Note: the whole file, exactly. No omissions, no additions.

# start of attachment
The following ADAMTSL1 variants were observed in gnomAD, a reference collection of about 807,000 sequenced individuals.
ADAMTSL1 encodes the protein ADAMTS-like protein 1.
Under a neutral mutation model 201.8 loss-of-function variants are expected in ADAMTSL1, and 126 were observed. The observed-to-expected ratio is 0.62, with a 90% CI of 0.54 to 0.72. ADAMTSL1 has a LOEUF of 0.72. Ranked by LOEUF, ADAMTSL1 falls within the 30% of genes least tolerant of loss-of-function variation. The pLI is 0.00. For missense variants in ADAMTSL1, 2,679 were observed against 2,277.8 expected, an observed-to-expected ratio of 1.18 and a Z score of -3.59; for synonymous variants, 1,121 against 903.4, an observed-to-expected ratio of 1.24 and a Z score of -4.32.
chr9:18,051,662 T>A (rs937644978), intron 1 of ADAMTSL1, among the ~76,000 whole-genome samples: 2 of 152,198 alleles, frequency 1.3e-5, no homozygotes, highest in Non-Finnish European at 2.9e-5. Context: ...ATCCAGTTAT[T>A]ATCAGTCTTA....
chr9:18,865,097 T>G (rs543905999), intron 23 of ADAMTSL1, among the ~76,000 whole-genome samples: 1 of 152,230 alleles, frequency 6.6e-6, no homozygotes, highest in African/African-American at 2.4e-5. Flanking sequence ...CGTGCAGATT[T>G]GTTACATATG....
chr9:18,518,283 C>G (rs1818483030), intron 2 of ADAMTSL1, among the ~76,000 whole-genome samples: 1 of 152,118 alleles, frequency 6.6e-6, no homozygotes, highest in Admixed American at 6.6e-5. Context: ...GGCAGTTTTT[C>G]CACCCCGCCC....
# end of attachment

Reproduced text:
The following ADAMTSL1 variants were observed in gnomAD, a reference collection of about 807,000 sequenced individuals.
ADAMTSL1 encodes the protein ADAMTS-like protein 1.
Under a neutral mutation model 201.8 loss-of-function variants are expected in ADAMTSL1, and 126 were observed. The observed-to-expected ratio is 0.62, with a 90% CI of 0.54 to 0.72. ADAMTSL1 has a LOEUF of 0.72. Ranked by LOEUF, ADAMTSL1 falls within the 30% of genes least tolerant of loss-of-function variation. The pLI is 0.00. For missense variants in ADAMTSL1, 2,679 were observed against 2,277.8 expected, an observed-to-expected ratio of 1.18 and a Z score of -3.59; for synonymous variants, 1,121 against 903.4, an observed-to-expected ratio of 1.24 and a Z score of -4.32.
chr9:18,051,662 T>A (rs937644978), intron 1 of ADAMTSL1, among the ~76,000 whole-genome samples: 2 of 152,198 alleles, frequency 1.3e-5, no homozygotes, highest in Non-Finnish European at 2.9e-5. Context: ...ATCCAGTTAT[T>A]ATCAGTCTTA....
chr9:18,865,097 T>G (rs543905999), intron 23 of ADAMTSL1, among the ~76,000 whole-genome samples: 1 of 152,230 alleles, frequency 6.6e-6, no homozygotes, highest in African/African-American at 2.4e-5. Flanking sequence ...CGTGCAGATT[T>G]GTTACATATG....
chr9:18,518,283 C>G (rs1818483030), intron 2 of ADAMTSL1, among the ~76,000 whole-genome samples: 1 of 152,118 alleles, frequency 6.6e-6, no homozygotes, highest in Admixed American at 6.6e-5. Context: ...GGCAGTTTTT[C>G]CACCCCGCCC....